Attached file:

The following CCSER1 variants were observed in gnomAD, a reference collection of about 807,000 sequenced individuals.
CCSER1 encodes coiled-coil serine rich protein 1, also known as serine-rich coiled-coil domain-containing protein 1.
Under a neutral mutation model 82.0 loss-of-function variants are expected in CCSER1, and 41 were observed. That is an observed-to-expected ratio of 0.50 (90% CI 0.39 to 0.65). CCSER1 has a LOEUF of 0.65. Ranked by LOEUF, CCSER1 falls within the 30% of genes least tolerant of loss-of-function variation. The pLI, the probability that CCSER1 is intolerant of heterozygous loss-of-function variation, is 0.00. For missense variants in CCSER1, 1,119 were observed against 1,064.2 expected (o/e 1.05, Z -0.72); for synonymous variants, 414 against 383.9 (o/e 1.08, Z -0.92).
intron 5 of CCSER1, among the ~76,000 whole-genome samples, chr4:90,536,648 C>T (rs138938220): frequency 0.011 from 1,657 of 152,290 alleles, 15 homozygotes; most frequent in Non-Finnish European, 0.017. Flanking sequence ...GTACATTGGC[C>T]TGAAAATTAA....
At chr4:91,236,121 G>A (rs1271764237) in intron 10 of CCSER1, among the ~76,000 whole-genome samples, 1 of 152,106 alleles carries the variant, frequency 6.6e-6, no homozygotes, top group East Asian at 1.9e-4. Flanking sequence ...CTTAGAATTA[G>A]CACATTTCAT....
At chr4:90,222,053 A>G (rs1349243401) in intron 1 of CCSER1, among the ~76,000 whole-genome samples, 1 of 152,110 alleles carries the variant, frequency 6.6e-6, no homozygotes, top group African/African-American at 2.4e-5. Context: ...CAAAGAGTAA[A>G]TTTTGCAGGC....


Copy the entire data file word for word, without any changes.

The following CCSER1 variants were observed in gnomAD, a reference collection of about 807,000 sequenced individuals.
CCSER1 encodes coiled-coil serine rich protein 1, also known as serine-rich coiled-coil domain-containing protein 1.
Under a neutral mutation model 82.0 loss-of-function variants are expected in CCSER1, and 41 were observed. That is an observed-to-expected ratio of 0.50 (90% CI 0.39 to 0.65). CCSER1 has a LOEUF of 0.65. Ranked by LOEUF, CCSER1 falls within the 30% of genes least tolerant of loss-of-function variation. The pLI, the probability that CCSER1 is intolerant of heterozygous loss-of-function variation, is 0.00. For missense variants in CCSER1, 1,119 were observed against 1,064.2 expected (o/e 1.05, Z -0.72); for synonymous variants, 414 against 383.9 (o/e 1.08, Z -0.92).
intron 5 of CCSER1, among the ~76,000 whole-genome samples, chr4:90,536,648 C>T (rs138938220): frequency 0.011 from 1,657 of 152,290 alleles, 15 homozygotes; most frequent in Non-Finnish European, 0.017. Flanking sequence ...GTACATTGGC[C>T]TGAAAATTAA....
At chr4:91,236,121 G>A (rs1271764237) in intron 10 of CCSER1, among the ~76,000 whole-genome samples, 1 of 152,106 alleles carries the variant, frequency 6.6e-6, no homozygotes, top group East Asian at 1.9e-4. Flanking sequence ...CTTAGAATTA[G>A]CACATTTCAT....
At chr4:90,222,053 A>G (rs1349243401) in intron 1 of CCSER1, among the ~76,000 whole-genome samples, 1 of 152,110 alleles carries the variant, frequency 6.6e-6, no homozygotes, top group African/African-American at 2.4e-5. Context: ...CAAAGAGTAA[A>G]TTTTGCAGGC....